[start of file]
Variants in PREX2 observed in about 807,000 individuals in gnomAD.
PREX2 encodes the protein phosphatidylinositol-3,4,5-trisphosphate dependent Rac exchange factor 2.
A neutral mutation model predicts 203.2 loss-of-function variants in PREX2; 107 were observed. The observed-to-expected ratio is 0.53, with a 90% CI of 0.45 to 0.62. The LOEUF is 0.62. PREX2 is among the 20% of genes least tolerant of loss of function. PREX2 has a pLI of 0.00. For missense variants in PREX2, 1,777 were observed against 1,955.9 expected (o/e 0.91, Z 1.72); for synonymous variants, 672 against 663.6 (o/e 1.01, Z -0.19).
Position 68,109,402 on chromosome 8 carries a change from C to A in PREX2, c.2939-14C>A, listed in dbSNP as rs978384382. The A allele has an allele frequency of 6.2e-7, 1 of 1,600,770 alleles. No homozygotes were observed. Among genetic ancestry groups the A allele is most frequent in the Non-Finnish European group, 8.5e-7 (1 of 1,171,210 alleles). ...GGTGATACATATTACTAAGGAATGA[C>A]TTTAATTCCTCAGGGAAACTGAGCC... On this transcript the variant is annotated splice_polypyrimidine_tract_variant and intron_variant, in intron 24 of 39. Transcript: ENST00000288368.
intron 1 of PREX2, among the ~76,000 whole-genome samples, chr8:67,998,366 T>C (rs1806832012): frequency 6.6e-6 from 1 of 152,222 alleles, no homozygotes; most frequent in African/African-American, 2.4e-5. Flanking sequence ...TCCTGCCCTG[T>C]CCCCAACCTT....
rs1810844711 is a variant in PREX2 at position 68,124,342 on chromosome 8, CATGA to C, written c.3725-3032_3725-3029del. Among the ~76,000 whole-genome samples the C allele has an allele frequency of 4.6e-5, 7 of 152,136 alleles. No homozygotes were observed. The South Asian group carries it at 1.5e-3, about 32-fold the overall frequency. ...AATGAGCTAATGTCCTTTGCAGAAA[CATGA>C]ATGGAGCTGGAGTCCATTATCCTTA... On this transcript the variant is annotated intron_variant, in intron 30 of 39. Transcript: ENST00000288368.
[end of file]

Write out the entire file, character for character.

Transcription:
Variants in PREX2 observed in about 807,000 individuals in gnomAD.
PREX2 encodes the protein phosphatidylinositol-3,4,5-trisphosphate dependent Rac exchange factor 2.
A neutral mutation model predicts 203.2 loss-of-function variants in PREX2; 107 were observed. The observed-to-expected ratio is 0.53, with a 90% CI of 0.45 to 0.62. The LOEUF is 0.62. PREX2 is among the 20% of genes least tolerant of loss of function. PREX2 has a pLI of 0.00. For missense variants in PREX2, 1,777 were observed against 1,955.9 expected (o/e 0.91, Z 1.72); for synonymous variants, 672 against 663.6 (o/e 1.01, Z -0.19).
Position 68,109,402 on chromosome 8 carries a change from C to A in PREX2, c.2939-14C>A, listed in dbSNP as rs978384382. The A allele has an allele frequency of 6.2e-7, 1 of 1,600,770 alleles. No homozygotes were observed. Among genetic ancestry groups the A allele is most frequent in the Non-Finnish European group, 8.5e-7 (1 of 1,171,210 alleles). ...GGTGATACATATTACTAAGGAATGA[C>A]TTTAATTCCTCAGGGAAACTGAGCC... On this transcript the variant is annotated splice_polypyrimidine_tract_variant and intron_variant, in intron 24 of 39. Transcript: ENST00000288368.
intron 1 of PREX2, among the ~76,000 whole-genome samples, chr8:67,998,366 T>C (rs1806832012): frequency 6.6e-6 from 1 of 152,222 alleles, no homozygotes; most frequent in African/African-American, 2.4e-5. Flanking sequence ...TCCTGCCCTG[T>C]CCCCAACCTT....
rs1810844711 is a variant in PREX2 at position 68,124,342 on chromosome 8, CATGA to C, written c.3725-3032_3725-3029del. Among the ~76,000 whole-genome samples the C allele has an allele frequency of 4.6e-5, 7 of 152,136 alleles. No homozygotes were observed. The South Asian group carries it at 1.5e-3, about 32-fold the overall frequency. ...AATGAGCTAATGTCCTTTGCAGAAA[CATGA>C]ATGGAGCTGGAGTCCATTATCCTTA... On this transcript the variant is annotated intron_variant, in intron 30 of 39. Transcript: ENST00000288368.